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HOW TO GET PREGNANT QUICKLY!
If you want to increase your odds of getting pregnant sooner rather than later, the following tips from Ann Douglas -- author of The Mother of All Pregnancy Books (U.S. edition and Canadian edition), The Mother of All Pregnancy Organizers and The Unofficial Guide to Having a Baby (first edition and the brand new second edition) -- will help you to maximize your chances of conceiving quickly and ending up with a healthy baby. (Note: If you find this list of tips helpful, you may want to read some of Ann's fertility articles (she's a columnist for Conceive Magazine), as well as The Mother of All Lenses: Pregnancy and Parenting over at Squidoo.)
Try to keep sex fun when you're trying to conceive. Use rooms other than the bedroom or schedule your babymaking rendezvous for an odd time of day. The rationale? You won't be able to keep up the babymaking pace for very long if sex starts feeling like a chore.
Start taking folic acid now. You reduce your chances of giving birth to a baby with a neural tube defect (for example, anencephaly or spina bifida) by 50% to 70% if you start taking at least 0.4 mg of folic acid each day two to three months before you start trying to conceive.
Don't hop up and run to the bathroom right after you make love. Lying down for at least a few minutes (some fertility experts say five minutes) after intercourse increases the odds that the sperm will be able to keep their date with the awaiting egg and that you'll win at baby roulette.
Make love often during your fertile period (the five days leading up to ovulation). If you've got the stamina to make love at least every 48 hours, you will ensure that there's a fresh shipment of sperm waiting in the fallopian tube at any given time. Of course, you can get too much of a good thing if your partner has a low sperm count, so if you're aware of a pre-existing fertility problem, you'll want to talk this issue over with your fertility specialist.
Keep in mind that babymaking is a numbers game. Even if you do everything "right," you still have only a 25% to 30% chance of conceiving in any given cycle. (See The Mother of All Pregnancy Books (U.S. edition and Canadian edition), The Mother of All Pregnancy Organizers and The Unofficial Guide to Having a Baby (first edition and the brand new second edition for more on how factors like age and your previous reproductive history affect your odds of conceiving sooner rather than later.
Here's a bit of sex-related trivia, just in case you and your partner are looking for a little inspiration. There are over 114 million sex acts performed around the world.
Are you a coffee drinker? Time to give it up or switch to decaf! Caffeine is thought to restrict the growth of a developing baby by constricting blood vessels and reducing blood flow to the uterus. What's more, a few studies have indicated that excessive consumption of caffeine (that is, more than three cups of drip coffee per day) may contribute to fertility problems. The jury is still out on this last point, however.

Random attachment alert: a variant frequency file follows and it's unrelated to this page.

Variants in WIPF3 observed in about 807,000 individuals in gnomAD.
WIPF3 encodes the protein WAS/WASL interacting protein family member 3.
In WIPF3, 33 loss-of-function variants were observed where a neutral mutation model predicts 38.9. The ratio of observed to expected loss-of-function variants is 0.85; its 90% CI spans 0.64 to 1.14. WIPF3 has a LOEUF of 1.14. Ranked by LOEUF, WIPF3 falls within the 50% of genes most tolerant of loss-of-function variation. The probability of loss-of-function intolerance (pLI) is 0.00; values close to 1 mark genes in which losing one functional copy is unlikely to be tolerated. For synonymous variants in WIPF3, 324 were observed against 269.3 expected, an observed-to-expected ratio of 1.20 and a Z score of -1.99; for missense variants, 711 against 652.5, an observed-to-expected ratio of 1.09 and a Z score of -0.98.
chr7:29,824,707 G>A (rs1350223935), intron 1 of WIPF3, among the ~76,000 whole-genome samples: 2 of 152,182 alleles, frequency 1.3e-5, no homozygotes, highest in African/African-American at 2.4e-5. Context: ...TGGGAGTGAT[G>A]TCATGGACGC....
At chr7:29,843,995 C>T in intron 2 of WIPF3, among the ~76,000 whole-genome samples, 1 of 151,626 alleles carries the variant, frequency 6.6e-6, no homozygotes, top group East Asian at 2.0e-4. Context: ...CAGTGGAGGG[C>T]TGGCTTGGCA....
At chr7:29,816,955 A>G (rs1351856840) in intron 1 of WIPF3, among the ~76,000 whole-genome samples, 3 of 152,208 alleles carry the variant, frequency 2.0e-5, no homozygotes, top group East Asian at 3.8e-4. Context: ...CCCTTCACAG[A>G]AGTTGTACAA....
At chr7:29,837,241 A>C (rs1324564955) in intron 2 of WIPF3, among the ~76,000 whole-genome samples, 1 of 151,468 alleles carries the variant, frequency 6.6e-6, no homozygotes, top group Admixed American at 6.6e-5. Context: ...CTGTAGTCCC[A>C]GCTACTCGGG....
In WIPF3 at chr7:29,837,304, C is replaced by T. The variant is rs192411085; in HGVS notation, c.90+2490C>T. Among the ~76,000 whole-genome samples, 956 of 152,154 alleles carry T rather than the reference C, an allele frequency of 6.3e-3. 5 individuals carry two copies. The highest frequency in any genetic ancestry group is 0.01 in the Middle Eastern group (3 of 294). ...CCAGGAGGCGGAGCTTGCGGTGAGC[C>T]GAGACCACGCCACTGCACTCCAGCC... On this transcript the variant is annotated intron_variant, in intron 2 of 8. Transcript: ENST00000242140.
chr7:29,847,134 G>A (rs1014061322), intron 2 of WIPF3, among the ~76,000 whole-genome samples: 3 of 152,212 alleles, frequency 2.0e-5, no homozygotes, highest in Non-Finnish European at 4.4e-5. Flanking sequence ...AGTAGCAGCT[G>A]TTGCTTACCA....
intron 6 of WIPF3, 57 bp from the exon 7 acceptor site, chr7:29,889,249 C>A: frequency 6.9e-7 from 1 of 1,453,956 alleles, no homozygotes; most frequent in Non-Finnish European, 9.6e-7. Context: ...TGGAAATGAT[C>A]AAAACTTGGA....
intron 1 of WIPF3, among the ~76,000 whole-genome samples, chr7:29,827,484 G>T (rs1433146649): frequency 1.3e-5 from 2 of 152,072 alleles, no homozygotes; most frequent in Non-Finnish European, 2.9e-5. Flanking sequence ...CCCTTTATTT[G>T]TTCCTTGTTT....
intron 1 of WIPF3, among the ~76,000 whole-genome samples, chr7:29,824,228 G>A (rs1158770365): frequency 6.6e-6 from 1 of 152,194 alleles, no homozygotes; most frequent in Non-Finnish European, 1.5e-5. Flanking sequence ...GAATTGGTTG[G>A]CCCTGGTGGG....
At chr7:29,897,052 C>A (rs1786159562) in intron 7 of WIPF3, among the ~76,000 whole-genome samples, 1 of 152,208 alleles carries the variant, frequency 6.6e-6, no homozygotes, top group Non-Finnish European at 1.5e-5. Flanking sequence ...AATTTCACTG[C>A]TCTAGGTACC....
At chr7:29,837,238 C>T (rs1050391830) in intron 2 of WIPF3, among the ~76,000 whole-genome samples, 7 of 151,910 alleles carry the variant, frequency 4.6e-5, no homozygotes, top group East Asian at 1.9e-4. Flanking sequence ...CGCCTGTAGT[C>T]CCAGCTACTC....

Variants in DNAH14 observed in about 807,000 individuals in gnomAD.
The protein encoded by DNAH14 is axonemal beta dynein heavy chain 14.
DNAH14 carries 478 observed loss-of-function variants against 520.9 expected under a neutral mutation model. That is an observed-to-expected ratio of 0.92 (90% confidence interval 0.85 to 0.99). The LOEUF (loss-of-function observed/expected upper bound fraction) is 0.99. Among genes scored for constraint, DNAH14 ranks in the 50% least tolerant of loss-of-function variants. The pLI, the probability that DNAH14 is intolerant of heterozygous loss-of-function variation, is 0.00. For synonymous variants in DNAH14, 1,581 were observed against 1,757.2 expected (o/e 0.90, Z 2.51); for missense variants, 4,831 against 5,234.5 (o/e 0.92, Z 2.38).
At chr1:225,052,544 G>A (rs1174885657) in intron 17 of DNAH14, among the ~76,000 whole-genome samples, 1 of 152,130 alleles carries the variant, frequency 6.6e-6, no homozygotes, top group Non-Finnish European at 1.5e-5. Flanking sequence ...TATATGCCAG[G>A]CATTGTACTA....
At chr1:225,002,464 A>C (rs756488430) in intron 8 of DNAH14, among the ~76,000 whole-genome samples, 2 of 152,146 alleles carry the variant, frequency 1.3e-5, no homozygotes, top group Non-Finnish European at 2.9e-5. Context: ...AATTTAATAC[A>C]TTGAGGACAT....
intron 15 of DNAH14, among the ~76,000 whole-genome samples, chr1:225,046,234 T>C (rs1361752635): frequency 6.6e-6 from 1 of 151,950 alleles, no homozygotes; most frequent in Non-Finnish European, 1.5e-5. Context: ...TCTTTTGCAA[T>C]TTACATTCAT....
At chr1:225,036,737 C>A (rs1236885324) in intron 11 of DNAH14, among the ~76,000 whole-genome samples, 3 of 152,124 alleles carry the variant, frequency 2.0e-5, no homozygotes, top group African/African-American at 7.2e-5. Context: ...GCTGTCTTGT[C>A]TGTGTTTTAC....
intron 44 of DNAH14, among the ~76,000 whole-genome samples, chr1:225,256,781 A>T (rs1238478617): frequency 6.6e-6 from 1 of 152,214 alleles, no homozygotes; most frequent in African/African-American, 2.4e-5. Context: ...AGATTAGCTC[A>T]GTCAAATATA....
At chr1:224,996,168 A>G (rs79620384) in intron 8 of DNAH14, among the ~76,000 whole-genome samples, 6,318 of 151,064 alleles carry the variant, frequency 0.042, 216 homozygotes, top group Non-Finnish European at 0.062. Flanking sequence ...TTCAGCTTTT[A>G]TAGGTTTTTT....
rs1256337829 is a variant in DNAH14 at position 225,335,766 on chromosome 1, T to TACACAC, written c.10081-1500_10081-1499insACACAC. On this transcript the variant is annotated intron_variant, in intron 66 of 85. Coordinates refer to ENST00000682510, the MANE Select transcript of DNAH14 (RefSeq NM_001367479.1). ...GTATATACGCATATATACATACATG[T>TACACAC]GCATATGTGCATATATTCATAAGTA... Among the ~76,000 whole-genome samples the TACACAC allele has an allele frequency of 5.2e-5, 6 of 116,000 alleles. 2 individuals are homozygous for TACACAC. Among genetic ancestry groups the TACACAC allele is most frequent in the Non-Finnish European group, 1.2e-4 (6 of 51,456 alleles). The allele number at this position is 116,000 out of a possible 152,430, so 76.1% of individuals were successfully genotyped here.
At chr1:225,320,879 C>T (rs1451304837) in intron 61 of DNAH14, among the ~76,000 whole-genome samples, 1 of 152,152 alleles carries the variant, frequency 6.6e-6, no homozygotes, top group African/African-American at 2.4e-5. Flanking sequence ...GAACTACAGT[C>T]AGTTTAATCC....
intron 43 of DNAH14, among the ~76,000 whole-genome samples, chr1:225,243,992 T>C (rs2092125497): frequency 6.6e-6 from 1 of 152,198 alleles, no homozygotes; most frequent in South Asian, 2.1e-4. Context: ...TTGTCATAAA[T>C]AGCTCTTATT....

Are you or your partner regularly exposed to hazardous substances in the workplace? You may need to consider a job change or job modification before you start your family. Certain substances can affect both the quality of sperm and the development of the embryo.
Have you had your preconception checkup yet? Set up an appointment with your doctor to review your medical history and to talk about your plans to start trying to conceive. (Note: You can find a detailed discussion of preconception health issues in The Unofficial Guide to Having a Baby (second edition) and The Mother of All Pregnancy Books (U.S. edition and Canadian edition).
Are you currently taking any prescription or over-the-counter drugs? Be sure to ask your doctor if it's safe for you to continue taking them once you start trying to conceive.
If you aren't already doing so, start keeping a menstrual calendar. Note the date when your period starts, the number of days it lasts, and anything else your doctor might want to know about. This information could prove helpful if you experience problems in conceiving. It can also prove invaluable in pinpointing the date of conception -- and consequently your due date.
Try to book the last appointment of the day for your preconception checkup. That's when your doctor or midwife is most likely to be able to take the time to answer your questions and address your concerns without feeling rushed to go on to the next patient.
Make your vaginal environment as sperm-friendly as possible. Avoid vaginal sprays and scented tampons (which can cause a pH imbalance in your vagina); artificial lubricants, vegetable oils, and glycerin (because they can kill off sperm); saliva (because saliva can also kill sperm); and douching (because it alters the normal acidity of the vagina; can cause vaginal infections and/or pelvic inflammatory disease; and may wash away the cervical mucus that is needed to transport the sperm).